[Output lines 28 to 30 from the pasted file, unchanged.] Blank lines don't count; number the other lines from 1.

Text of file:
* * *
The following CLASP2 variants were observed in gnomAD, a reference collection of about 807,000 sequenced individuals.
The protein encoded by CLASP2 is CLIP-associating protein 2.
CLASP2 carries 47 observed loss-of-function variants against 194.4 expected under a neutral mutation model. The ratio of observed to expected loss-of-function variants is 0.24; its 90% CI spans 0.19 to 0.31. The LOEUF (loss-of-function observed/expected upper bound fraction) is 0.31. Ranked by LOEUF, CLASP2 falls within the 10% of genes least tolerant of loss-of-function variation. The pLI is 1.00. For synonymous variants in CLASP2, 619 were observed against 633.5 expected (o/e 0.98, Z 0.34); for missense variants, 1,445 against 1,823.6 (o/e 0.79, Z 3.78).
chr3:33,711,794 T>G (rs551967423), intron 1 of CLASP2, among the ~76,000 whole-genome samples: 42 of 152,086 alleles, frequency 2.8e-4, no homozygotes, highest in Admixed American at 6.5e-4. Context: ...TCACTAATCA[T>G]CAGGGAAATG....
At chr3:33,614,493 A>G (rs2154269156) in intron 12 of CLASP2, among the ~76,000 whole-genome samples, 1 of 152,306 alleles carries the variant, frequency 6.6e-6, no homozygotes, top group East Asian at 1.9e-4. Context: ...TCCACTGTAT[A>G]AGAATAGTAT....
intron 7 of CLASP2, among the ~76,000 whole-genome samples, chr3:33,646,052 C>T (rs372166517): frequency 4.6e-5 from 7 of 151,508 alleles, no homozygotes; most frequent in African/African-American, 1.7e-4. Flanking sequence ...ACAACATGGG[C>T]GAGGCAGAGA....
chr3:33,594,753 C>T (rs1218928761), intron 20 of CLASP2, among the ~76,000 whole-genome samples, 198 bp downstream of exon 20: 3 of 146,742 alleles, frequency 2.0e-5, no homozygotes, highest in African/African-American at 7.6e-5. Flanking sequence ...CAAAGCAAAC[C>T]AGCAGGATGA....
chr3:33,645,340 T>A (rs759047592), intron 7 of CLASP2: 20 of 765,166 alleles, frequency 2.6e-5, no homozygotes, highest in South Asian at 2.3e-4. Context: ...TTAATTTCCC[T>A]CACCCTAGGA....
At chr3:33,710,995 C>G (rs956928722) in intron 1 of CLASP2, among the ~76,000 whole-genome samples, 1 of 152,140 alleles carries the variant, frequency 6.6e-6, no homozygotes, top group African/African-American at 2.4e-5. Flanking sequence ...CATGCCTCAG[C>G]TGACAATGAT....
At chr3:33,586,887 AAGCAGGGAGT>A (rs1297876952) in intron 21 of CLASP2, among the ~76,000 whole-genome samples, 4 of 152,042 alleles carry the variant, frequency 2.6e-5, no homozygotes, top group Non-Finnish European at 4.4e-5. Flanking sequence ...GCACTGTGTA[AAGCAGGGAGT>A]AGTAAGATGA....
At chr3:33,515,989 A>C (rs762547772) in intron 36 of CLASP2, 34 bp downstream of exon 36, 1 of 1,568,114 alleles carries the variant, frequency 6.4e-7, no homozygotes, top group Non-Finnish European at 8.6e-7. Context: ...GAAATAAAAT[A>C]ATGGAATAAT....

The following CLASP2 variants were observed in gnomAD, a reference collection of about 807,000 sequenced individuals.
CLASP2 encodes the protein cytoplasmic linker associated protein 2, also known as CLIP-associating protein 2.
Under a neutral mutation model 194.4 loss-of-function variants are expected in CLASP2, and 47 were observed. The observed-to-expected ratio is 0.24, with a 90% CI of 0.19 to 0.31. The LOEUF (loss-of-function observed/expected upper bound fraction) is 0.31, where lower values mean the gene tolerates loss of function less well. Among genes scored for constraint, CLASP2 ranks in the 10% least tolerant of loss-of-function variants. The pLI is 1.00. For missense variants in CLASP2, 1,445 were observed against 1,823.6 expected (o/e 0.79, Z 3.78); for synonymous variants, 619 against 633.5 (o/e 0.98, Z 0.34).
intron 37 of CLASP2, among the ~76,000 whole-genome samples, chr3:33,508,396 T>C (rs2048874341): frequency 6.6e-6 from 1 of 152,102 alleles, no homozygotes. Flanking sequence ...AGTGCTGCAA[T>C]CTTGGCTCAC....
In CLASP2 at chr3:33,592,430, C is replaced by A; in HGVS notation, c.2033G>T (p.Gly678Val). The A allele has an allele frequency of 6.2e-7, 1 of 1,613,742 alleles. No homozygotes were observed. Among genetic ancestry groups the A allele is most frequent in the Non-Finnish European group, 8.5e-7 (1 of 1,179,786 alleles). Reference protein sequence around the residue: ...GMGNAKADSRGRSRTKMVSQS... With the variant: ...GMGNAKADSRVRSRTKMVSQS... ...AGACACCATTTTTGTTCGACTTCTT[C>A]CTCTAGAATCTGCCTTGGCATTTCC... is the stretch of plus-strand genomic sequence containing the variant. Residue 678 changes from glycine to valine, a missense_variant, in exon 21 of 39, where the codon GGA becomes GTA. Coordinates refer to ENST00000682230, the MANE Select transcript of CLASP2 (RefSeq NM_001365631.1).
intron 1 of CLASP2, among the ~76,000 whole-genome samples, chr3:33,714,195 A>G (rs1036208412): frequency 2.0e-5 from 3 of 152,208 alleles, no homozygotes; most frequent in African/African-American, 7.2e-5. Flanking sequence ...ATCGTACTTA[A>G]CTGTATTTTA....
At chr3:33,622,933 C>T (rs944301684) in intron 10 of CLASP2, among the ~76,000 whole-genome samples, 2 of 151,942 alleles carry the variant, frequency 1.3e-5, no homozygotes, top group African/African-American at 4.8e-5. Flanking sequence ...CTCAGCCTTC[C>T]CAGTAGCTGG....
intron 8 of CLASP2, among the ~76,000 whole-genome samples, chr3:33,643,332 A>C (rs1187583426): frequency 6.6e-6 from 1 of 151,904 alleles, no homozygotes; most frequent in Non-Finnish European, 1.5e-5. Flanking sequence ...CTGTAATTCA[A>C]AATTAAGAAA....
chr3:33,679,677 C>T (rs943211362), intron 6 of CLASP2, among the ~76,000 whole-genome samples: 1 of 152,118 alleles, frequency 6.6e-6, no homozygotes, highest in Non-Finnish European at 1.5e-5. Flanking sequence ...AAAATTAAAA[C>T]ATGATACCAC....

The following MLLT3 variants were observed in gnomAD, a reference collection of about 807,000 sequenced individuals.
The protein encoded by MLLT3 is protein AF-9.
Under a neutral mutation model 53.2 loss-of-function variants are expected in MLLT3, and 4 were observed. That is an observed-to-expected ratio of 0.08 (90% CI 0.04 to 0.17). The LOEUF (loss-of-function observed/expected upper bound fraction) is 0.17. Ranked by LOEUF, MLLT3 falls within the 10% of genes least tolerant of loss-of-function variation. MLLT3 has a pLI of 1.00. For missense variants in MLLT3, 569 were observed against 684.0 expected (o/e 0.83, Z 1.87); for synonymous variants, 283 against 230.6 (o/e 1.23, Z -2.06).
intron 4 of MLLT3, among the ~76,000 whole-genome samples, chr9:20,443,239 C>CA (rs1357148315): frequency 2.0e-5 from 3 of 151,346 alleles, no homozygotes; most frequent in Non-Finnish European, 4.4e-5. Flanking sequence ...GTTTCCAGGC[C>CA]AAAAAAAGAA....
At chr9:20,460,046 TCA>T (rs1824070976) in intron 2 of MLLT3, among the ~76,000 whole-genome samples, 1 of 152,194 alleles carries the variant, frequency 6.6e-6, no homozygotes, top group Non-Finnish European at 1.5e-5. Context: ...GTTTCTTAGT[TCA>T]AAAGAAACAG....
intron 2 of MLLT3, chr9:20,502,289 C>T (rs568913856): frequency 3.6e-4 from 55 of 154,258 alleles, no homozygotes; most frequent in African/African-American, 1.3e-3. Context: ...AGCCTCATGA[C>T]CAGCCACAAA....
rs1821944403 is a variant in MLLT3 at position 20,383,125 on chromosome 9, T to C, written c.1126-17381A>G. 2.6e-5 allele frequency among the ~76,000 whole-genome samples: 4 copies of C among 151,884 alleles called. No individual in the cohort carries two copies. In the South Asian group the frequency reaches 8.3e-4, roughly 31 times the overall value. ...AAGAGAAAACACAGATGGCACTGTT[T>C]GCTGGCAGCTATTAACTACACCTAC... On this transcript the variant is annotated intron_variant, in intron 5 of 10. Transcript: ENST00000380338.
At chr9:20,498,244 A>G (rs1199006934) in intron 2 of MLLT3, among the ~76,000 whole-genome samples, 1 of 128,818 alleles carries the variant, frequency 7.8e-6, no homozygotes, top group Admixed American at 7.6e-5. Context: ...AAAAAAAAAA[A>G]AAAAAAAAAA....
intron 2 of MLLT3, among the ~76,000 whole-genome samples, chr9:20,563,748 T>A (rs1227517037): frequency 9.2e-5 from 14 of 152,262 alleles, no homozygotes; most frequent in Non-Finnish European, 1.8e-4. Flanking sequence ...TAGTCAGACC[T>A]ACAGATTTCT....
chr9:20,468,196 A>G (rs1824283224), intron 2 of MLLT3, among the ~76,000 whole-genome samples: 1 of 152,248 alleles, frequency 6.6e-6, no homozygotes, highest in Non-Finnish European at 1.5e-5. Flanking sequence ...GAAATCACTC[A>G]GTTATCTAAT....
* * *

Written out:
At chr9:20,498,244 A>G (rs1199006934) in intron 2 of MLLT3, among the ~76,000 whole-genome samples, 1 of 128,818 alleles carries the variant, frequency 7.8e-6, no homozygotes, top group Admixed American at 7.6e-5. Context: ...AAAAAAAAAA[A>G]AAAAAAAAAA....
intron 2 of MLLT3, among the ~76,000 whole-genome samples, chr9:20,563,748 T>A (rs1227517037): frequency 9.2e-5 from 14 of 152,262 alleles, no homozygotes; most frequent in Non-Finnish European, 1.8e-4. Flanking sequence ...TAGTCAGACC[T>A]ACAGATTTCT....
chr9:20,468,196 A>G (rs1824283224), intron 2 of MLLT3, among the ~76,000 whole-genome samples: 1 of 152,248 alleles, frequency 6.6e-6, no homozygotes, highest in Non-Finnish European at 1.5e-5. Flanking sequence ...GAAATCACTC[A>G]GTTATCTAAT....